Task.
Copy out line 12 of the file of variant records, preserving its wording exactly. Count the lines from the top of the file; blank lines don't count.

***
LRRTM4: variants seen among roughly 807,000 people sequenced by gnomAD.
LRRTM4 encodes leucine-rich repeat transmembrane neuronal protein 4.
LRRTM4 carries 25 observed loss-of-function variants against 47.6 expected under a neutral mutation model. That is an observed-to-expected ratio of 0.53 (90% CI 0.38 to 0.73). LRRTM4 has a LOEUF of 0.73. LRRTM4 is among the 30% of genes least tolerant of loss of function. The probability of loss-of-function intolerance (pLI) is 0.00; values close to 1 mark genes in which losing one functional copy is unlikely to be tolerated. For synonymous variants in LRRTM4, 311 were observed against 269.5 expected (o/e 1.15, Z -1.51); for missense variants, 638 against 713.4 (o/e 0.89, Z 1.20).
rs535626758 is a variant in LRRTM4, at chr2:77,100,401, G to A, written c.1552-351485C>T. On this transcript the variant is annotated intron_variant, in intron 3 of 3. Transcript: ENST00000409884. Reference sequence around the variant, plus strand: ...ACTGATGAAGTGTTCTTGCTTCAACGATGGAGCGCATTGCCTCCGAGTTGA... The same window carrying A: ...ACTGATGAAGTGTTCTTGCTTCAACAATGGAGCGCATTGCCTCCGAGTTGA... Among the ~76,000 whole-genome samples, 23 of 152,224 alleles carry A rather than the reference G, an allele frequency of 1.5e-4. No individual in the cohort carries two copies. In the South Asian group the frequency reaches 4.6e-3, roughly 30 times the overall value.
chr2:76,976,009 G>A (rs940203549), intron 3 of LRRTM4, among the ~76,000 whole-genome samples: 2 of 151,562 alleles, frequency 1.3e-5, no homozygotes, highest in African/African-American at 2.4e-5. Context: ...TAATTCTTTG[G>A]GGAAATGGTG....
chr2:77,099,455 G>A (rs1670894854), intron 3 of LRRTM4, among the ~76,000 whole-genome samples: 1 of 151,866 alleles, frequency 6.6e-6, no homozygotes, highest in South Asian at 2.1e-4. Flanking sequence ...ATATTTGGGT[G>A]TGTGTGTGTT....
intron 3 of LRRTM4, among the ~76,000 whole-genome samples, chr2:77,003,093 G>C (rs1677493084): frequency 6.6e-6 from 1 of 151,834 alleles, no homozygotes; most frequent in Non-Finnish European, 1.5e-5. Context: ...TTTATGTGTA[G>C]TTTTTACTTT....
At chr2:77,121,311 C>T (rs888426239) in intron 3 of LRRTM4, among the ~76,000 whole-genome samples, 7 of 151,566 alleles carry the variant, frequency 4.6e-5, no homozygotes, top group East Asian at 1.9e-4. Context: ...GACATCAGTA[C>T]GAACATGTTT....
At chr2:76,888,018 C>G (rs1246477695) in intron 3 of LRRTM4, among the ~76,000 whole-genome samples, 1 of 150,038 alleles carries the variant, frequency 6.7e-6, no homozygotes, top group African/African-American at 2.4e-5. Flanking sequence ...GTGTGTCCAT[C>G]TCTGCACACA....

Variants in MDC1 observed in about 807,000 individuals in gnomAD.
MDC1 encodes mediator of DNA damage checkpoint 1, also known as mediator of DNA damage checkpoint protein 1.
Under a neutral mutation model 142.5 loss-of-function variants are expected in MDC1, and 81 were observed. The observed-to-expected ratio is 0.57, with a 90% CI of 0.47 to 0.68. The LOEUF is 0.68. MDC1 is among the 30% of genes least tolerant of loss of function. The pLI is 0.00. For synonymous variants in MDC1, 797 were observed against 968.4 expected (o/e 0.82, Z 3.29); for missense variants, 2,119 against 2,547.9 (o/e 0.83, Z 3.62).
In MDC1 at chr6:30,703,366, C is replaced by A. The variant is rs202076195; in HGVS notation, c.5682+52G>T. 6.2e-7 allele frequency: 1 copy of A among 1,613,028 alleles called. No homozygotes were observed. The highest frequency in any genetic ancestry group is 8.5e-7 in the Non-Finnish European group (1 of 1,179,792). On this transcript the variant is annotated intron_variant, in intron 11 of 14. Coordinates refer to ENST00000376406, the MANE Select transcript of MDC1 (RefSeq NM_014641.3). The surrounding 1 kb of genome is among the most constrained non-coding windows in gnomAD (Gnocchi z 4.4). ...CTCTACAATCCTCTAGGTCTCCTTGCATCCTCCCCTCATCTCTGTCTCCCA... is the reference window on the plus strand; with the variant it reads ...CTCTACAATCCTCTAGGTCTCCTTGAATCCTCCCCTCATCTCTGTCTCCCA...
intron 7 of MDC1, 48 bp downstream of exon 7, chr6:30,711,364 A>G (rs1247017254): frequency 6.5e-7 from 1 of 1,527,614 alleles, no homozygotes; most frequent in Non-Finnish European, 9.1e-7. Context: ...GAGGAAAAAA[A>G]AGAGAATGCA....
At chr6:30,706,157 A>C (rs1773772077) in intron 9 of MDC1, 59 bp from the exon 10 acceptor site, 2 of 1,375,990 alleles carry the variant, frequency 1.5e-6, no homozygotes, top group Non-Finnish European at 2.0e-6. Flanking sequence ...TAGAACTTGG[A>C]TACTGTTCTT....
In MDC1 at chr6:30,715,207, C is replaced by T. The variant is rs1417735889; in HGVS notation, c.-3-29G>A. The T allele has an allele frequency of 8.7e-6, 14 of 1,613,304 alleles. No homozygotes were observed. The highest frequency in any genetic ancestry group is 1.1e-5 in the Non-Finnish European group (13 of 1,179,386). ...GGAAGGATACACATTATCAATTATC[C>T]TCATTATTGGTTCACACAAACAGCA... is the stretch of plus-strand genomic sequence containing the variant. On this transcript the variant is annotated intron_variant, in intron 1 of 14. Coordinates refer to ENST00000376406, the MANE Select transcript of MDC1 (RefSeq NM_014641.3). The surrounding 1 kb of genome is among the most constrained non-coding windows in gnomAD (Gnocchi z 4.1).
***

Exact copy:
Under a neutral mutation model 142.5 loss-of-function variants are expected in MDC1, and 81 were observed. The observed-to-expected ratio is 0.57, with a 90% CI of 0.47 to 0.68. The LOEUF is 0.68. MDC1 is among the 30% of genes least tolerant of loss of function. The pLI is 0.00. For synonymous variants in MDC1, 797 were observed against 968.4 expected (o/e 0.82, Z 3.29); for missense variants, 2,119 against 2,547.9 (o/e 0.83, Z 3.62).